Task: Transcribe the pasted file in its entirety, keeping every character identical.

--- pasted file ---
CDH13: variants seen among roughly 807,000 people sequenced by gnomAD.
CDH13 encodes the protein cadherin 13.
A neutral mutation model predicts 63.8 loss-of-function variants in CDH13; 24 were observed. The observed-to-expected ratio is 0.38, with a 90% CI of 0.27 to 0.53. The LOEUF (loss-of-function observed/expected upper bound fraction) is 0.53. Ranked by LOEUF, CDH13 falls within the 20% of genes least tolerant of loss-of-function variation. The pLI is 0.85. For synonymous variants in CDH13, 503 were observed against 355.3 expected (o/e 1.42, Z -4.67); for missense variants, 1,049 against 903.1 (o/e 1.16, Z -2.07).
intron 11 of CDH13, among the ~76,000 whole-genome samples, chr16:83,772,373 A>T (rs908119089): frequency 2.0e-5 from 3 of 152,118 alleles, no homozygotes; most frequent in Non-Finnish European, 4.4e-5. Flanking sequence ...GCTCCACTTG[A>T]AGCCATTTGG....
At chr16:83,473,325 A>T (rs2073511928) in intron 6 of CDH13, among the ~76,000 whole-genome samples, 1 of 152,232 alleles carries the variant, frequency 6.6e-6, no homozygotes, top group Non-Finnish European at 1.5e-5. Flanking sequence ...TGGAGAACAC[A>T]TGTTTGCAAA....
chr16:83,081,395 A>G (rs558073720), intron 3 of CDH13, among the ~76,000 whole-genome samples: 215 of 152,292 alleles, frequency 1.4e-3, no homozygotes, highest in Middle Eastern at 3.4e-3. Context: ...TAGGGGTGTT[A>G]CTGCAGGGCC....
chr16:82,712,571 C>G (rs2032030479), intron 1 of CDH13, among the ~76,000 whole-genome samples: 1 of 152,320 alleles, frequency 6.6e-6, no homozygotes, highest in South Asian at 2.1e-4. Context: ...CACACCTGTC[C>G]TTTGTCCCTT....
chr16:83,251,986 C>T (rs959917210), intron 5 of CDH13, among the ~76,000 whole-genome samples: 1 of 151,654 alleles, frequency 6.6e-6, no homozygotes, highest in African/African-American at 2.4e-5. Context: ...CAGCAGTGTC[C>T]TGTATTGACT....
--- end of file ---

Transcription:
CDH13: variants seen among roughly 807,000 people sequenced by gnomAD.
CDH13 encodes the protein cadherin 13.
A neutral mutation model predicts 63.8 loss-of-function variants in CDH13; 24 were observed. The observed-to-expected ratio is 0.38, with a 90% CI of 0.27 to 0.53. The LOEUF (loss-of-function observed/expected upper bound fraction) is 0.53. Ranked by LOEUF, CDH13 falls within the 20% of genes least tolerant of loss-of-function variation. The pLI is 0.85. For synonymous variants in CDH13, 503 were observed against 355.3 expected (o/e 1.42, Z -4.67); for missense variants, 1,049 against 903.1 (o/e 1.16, Z -2.07).
intron 11 of CDH13, among the ~76,000 whole-genome samples, chr16:83,772,373 A>T (rs908119089): frequency 2.0e-5 from 3 of 152,118 alleles, no homozygotes; most frequent in Non-Finnish European, 4.4e-5. Flanking sequence ...GCTCCACTTG[A>T]AGCCATTTGG....
At chr16:83,473,325 A>T (rs2073511928) in intron 6 of CDH13, among the ~76,000 whole-genome samples, 1 of 152,232 alleles carries the variant, frequency 6.6e-6, no homozygotes, top group Non-Finnish European at 1.5e-5. Flanking sequence ...TGGAGAACAC[A>T]TGTTTGCAAA....
chr16:83,081,395 A>G (rs558073720), intron 3 of CDH13, among the ~76,000 whole-genome samples: 215 of 152,292 alleles, frequency 1.4e-3, no homozygotes, highest in Middle Eastern at 3.4e-3. Context: ...TAGGGGTGTT[A>G]CTGCAGGGCC....
chr16:82,712,571 C>G (rs2032030479), intron 1 of CDH13, among the ~76,000 whole-genome samples: 1 of 152,320 alleles, frequency 6.6e-6, no homozygotes, highest in South Asian at 2.1e-4. Context: ...CACACCTGTC[C>G]TTTGTCCCTT....
chr16:83,251,986 C>T (rs959917210), intron 5 of CDH13, among the ~76,000 whole-genome samples: 1 of 151,654 alleles, frequency 6.6e-6, no homozygotes, highest in African/African-American at 2.4e-5. Context: ...CAGCAGTGTC[C>T]TGTATTGACT....